For almost three decades, from the late 1950s to the late 1980s, Americans consumed an average of more than 125 packs of cigarettes a year. But the combination of higher taxes on tobacco products and more education on the dangers of smoking has led to a precipitous decline in the number of people who light up. Today, Americans consume just over 46 packs of cigarettes per capita every year.

The map-making magicians at Metric Maps used that data, from an annual report on the tax burden of tobacco prepared by the Federation of Tax Administrators, to show that decline on a state-by-state basis. In 1970, residents in all but two states smoked more than 90 packs of cigarettes a year. By 2012, residents of just three states — Kentucky, West Virginia and New Hampshire — smoke that much.

Here’s what that looks like:

Source: @MetricMaps

Today, all 50 states and the District of Columbia levy taxes on packs of cigarettes and other tobacco products. That wasn’t always the case: Iowa instituted the first tobacco tax, way back in 1921; that year, the state collected $324,000 in taxes. North Carolina was the last holdout; the Tar Heel State levied its first tax on cigarettes, 2 cents a pack, in 1969.

Those taxes are much higher today. New York levies a $4.35 tax on cigarettes, and four other states — Connecticut, Hawaii, Rhode Island and Washington — charge at least $3 extra per pack. Even tobacco-producing North Carolina has bolstered its taxes, to 45 cents a pack. In 2012, 594 cities and counties in seven states added their own taxes, boosting the prices even further. Cigarette sales generated $126 million in revenue for New York City alone, more than a quarter of the total city and county tax generated across the country.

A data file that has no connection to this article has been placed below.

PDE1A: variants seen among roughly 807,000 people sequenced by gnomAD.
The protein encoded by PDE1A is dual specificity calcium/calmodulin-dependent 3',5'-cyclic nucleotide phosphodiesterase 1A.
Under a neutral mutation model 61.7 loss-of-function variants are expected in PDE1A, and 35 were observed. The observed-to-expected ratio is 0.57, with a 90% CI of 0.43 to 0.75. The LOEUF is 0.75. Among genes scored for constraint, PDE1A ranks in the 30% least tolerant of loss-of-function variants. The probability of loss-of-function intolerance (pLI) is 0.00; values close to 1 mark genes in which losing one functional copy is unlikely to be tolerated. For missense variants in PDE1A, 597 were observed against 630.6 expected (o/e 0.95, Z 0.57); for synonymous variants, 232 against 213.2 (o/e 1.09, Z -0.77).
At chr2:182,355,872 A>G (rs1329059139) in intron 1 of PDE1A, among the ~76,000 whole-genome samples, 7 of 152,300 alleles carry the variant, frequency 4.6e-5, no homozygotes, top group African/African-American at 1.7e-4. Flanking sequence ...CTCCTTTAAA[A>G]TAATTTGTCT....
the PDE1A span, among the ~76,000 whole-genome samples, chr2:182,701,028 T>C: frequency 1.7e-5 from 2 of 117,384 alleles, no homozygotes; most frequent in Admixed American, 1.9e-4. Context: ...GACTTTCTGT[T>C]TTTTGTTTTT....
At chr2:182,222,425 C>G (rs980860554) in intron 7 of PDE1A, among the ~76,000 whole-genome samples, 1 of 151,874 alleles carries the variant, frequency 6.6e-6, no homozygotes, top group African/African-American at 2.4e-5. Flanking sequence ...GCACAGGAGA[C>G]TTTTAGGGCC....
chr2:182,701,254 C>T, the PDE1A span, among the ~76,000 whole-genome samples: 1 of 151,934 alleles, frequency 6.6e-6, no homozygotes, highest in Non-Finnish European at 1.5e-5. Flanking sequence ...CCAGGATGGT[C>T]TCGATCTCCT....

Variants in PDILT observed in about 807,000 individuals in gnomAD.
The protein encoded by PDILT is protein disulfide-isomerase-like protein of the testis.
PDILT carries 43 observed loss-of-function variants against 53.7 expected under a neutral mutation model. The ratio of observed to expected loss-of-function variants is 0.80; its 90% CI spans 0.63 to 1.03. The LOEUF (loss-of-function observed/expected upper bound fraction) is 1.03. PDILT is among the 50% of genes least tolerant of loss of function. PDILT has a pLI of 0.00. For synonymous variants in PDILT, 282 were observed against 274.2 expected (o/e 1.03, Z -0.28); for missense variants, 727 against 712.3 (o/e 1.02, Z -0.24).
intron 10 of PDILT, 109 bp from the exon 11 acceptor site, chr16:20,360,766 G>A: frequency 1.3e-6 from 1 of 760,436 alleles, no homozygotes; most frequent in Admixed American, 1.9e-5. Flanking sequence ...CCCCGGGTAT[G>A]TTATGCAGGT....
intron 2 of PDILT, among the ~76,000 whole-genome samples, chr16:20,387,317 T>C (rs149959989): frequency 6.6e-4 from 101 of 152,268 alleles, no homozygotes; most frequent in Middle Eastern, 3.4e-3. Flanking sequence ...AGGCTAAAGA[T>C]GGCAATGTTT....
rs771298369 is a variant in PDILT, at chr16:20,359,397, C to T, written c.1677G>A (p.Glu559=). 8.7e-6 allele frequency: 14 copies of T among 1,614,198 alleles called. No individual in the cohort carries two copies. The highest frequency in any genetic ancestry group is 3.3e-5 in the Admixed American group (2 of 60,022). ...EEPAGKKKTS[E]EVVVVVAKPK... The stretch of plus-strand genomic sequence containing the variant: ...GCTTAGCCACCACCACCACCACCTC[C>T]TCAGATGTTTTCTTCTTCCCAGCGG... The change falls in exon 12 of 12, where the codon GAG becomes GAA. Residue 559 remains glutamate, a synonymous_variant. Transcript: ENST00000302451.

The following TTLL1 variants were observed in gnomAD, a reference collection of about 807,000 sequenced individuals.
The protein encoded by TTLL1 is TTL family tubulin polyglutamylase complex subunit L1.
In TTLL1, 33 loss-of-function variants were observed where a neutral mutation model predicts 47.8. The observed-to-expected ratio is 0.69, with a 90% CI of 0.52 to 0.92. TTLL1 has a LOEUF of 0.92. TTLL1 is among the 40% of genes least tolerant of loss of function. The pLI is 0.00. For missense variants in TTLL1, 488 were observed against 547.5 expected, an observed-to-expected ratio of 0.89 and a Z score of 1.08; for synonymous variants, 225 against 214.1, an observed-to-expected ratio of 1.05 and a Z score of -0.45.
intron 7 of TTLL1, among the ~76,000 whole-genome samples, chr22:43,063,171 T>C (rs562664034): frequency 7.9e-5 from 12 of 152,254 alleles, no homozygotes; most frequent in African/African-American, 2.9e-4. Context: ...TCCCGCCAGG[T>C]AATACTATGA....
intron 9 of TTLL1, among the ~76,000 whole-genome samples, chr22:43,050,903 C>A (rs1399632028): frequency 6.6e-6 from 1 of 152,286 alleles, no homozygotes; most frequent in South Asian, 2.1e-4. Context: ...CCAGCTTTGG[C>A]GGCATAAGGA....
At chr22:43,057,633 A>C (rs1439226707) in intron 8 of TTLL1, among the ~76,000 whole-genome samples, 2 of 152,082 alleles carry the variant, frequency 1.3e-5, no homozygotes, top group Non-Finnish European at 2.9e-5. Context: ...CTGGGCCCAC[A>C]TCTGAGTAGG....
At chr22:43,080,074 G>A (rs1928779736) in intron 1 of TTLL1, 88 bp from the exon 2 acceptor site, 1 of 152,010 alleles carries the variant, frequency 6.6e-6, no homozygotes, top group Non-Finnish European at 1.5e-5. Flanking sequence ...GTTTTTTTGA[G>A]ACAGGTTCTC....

Taxes make up more than half the price of an average pack of cigarettes in Connecticut, New Jersey, New York, Rhode Island, Washington and the District, according to the Federation of Tax Administrators’ report. On average, taxes make up just over 44 percent of the price of a pack nationwide.

Cigarette smoking may have declined, but taxes have increased at such a dramatic rate that tax income continues to rise. In 2012, states collected more than $18.2 billion in tobacco tax revenue (though that trend may be changing: Tax revenue actually declined between 2011 and 2012, the first year-over-year decline since 1978-1979).

Utah has always been one of the cleaner-living states, the report shows. Even near peak cigarette use in the 1970s, Utah residents were smoking 66 packs per capita, the lowest rate in the country. Today, residents consume just 23 packs per capita, lower than any state other than Washington and New York.

Check out the full report here [pdf], and follow @MetricMaps for more cool maps.